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Main page » Periodicals » Scientific American Mind - Humans see, humans do (2, April/May 2006)


Scientific American Mind - Humans see, humans do (2, April/May 2006)

 
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Scientific American Mind - Humans see, humans do (2, April/May 2006)

Self-Reflections
It was one of those seemingly mundane moments, but I was thunderstruck when I realized the implications. Tossing on a cardigan, I happened to notice my toddler intently staring at me to figure out how to push a button through a hole in her sweater. Suddenly, I realized how much we learn how to do things and how to behave around others just by watching and copying.
At the time, nearly a decade ago, I had little idea about how extensively my child was mentally rehearsing my actions as she studied me. Since then, science has learned much more. When we see someone engaged in any activity—yawning, dancing, smiling—cells called mirror neurons that are scattered throughout the brain create an instant replay in our heads. Investigators believe that these cells may be the keys to cultural development and may even be responsible for humanity’s collective “great leap forward” 50,000 years ago, as David Dobbs explains in his article, “A Revealing Reflection.” Turn to page 22 to learn more.

Sigmund Freud, the iconic founder of psychoanalysis who was born 150 years ago on May 6, would have had a different take on my mother-daughter relationship (he held that girls were rivals with their moms for their fathers’ attentions).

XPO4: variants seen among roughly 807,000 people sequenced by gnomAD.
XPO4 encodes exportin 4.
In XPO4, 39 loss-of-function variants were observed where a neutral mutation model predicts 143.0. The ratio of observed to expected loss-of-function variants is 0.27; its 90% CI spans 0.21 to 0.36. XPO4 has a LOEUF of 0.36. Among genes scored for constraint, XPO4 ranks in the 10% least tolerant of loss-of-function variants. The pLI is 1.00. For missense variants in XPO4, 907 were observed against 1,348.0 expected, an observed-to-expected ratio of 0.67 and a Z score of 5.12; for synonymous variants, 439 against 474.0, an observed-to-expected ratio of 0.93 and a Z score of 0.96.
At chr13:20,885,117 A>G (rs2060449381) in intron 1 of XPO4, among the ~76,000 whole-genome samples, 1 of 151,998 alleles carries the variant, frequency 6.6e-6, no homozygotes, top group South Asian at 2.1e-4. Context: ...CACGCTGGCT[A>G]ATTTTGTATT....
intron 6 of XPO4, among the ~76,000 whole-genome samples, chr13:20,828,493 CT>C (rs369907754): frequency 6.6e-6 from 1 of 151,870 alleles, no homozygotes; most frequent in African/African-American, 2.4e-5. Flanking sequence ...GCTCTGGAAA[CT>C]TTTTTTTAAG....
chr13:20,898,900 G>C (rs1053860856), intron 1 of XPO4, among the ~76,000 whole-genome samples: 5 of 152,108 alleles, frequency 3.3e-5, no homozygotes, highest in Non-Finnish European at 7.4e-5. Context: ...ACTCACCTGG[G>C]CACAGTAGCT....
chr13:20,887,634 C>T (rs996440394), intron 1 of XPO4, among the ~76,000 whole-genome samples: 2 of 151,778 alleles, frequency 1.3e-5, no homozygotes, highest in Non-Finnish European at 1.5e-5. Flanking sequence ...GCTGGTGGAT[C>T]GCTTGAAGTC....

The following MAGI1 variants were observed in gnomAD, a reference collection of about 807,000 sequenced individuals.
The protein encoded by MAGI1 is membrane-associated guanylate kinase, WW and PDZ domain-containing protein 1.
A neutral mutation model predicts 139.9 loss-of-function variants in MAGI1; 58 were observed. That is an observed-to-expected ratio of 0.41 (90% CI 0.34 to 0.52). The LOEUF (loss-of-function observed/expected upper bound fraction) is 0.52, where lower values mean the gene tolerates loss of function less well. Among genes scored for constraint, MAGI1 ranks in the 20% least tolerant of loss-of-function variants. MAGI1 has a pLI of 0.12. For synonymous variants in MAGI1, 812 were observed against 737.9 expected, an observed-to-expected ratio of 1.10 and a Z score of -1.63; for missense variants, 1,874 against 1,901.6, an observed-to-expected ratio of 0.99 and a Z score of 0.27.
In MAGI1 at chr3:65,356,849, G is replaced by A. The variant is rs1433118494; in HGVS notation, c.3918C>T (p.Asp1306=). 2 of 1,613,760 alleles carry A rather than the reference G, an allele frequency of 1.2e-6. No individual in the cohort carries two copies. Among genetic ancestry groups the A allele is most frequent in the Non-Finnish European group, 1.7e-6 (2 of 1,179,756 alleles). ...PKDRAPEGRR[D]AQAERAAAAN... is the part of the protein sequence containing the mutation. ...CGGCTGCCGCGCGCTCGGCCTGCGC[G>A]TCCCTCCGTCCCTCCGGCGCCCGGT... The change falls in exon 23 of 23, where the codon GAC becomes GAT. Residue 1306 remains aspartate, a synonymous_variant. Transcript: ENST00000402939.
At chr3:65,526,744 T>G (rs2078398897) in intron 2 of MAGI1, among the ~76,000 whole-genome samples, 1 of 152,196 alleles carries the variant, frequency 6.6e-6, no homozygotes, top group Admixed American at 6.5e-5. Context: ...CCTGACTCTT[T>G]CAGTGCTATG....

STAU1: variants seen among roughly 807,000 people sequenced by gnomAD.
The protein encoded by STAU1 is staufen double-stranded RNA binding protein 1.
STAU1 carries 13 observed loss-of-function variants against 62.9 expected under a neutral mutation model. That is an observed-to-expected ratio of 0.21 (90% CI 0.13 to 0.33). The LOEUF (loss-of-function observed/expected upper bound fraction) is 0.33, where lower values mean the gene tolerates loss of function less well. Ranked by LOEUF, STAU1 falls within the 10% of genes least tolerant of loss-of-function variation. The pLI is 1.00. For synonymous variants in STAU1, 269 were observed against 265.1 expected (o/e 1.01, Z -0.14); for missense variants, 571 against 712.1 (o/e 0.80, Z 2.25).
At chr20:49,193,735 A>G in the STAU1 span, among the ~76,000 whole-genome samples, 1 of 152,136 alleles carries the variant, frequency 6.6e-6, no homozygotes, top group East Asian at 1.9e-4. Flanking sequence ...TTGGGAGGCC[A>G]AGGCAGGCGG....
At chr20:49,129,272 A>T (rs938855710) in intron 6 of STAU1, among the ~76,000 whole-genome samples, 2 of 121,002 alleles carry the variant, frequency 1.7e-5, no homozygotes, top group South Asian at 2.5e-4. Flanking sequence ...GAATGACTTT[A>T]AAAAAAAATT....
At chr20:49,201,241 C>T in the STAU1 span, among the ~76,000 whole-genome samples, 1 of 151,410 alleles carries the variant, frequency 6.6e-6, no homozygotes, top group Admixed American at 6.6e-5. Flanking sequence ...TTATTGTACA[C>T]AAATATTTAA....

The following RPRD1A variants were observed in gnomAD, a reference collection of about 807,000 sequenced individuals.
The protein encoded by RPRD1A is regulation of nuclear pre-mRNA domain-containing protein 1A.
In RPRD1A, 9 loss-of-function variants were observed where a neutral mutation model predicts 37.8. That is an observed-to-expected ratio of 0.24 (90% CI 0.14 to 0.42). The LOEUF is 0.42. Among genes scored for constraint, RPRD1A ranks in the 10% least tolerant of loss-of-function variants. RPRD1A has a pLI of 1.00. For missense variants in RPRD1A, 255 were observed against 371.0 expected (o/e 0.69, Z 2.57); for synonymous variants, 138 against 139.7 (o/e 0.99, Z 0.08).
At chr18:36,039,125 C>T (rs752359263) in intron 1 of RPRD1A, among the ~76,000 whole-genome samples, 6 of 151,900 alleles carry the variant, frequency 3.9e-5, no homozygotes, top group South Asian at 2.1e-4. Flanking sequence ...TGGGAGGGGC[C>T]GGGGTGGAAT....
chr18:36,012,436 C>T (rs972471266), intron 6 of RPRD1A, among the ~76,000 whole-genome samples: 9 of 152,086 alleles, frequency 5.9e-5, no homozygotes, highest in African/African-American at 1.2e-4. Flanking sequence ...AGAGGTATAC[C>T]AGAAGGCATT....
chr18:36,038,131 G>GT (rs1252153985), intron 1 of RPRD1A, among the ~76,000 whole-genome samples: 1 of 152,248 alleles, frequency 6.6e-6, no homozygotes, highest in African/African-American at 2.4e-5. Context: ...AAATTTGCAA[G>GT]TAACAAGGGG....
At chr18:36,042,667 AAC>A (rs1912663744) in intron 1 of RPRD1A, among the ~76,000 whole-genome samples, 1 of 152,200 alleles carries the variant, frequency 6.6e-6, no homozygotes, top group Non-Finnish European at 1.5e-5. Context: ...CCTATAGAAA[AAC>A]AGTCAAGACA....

In this issue we mark the anniversary of his birth and his impressive infl uence on all things psychological in a special section, “Freud at 150.” As neuropsychologist Mark Solms describes in “Freud Returns,” starting on page 28, neuroscientists are fi nding that biological descriptions of the brain may fi t together best with theories Freud developed. A second feature, “Neurotic about Neurons,” by Steve Ayan, further details Freud’s notions and his eventful life; go to page 36.
The last installment provides a modern take. In recent years, scientists have been testing what works—and what does not—in talk therapy, thereby bringing the power of research to the couch with “empirically supported therapies.” Surprisingly, these techniques are not without controversy, as psychologists Hal Arkowitz and Scott O. Lilienfeld explain in “Psychotherapy on Trial,” beginning on page 42. We hope the section tickles your id, ego and superego.


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Tags: scientific, american, mind, humans, see, do, realized, learn, heads, replay, instant, realized